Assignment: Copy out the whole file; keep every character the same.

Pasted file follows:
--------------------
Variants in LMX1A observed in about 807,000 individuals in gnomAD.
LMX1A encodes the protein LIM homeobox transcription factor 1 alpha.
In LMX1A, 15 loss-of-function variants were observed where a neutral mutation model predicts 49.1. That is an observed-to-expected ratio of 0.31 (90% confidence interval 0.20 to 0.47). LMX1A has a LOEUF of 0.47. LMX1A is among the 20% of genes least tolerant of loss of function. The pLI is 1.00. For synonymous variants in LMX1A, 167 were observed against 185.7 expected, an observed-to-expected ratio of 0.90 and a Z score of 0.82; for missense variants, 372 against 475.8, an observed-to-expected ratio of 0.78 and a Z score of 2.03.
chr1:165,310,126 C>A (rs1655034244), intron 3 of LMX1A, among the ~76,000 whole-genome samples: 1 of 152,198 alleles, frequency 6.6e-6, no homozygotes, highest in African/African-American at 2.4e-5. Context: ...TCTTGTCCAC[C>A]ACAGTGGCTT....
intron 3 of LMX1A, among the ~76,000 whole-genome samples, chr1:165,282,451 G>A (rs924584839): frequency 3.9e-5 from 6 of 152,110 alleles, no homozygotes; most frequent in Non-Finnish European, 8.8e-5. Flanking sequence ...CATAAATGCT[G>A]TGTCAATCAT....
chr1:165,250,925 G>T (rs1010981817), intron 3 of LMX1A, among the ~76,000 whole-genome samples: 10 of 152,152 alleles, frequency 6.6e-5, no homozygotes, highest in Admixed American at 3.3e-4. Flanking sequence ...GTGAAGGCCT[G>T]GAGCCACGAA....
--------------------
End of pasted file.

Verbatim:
Variants in LMX1A observed in about 807,000 individuals in gnomAD.
LMX1A encodes the protein LIM homeobox transcription factor 1 alpha.
In LMX1A, 15 loss-of-function variants were observed where a neutral mutation model predicts 49.1. That is an observed-to-expected ratio of 0.31 (90% confidence interval 0.20 to 0.47). LMX1A has a LOEUF of 0.47. LMX1A is among the 20% of genes least tolerant of loss of function. The pLI is 1.00. For synonymous variants in LMX1A, 167 were observed against 185.7 expected, an observed-to-expected ratio of 0.90 and a Z score of 0.82; for missense variants, 372 against 475.8, an observed-to-expected ratio of 0.78 and a Z score of 2.03.
chr1:165,310,126 C>A (rs1655034244), intron 3 of LMX1A, among the ~76,000 whole-genome samples: 1 of 152,198 alleles, frequency 6.6e-6, no homozygotes, highest in African/African-American at 2.4e-5. Context: ...TCTTGTCCAC[C>A]ACAGTGGCTT....
intron 3 of LMX1A, among the ~76,000 whole-genome samples, chr1:165,282,451 G>A (rs924584839): frequency 3.9e-5 from 6 of 152,110 alleles, no homozygotes; most frequent in Non-Finnish European, 8.8e-5. Flanking sequence ...CATAAATGCT[G>A]TGTCAATCAT....
chr1:165,250,925 G>T (rs1010981817), intron 3 of LMX1A, among the ~76,000 whole-genome samples: 10 of 152,152 alleles, frequency 6.6e-5, no homozygotes, highest in Admixed American at 3.3e-4. Flanking sequence ...GTGAAGGCCT[G>T]GAGCCACGAA....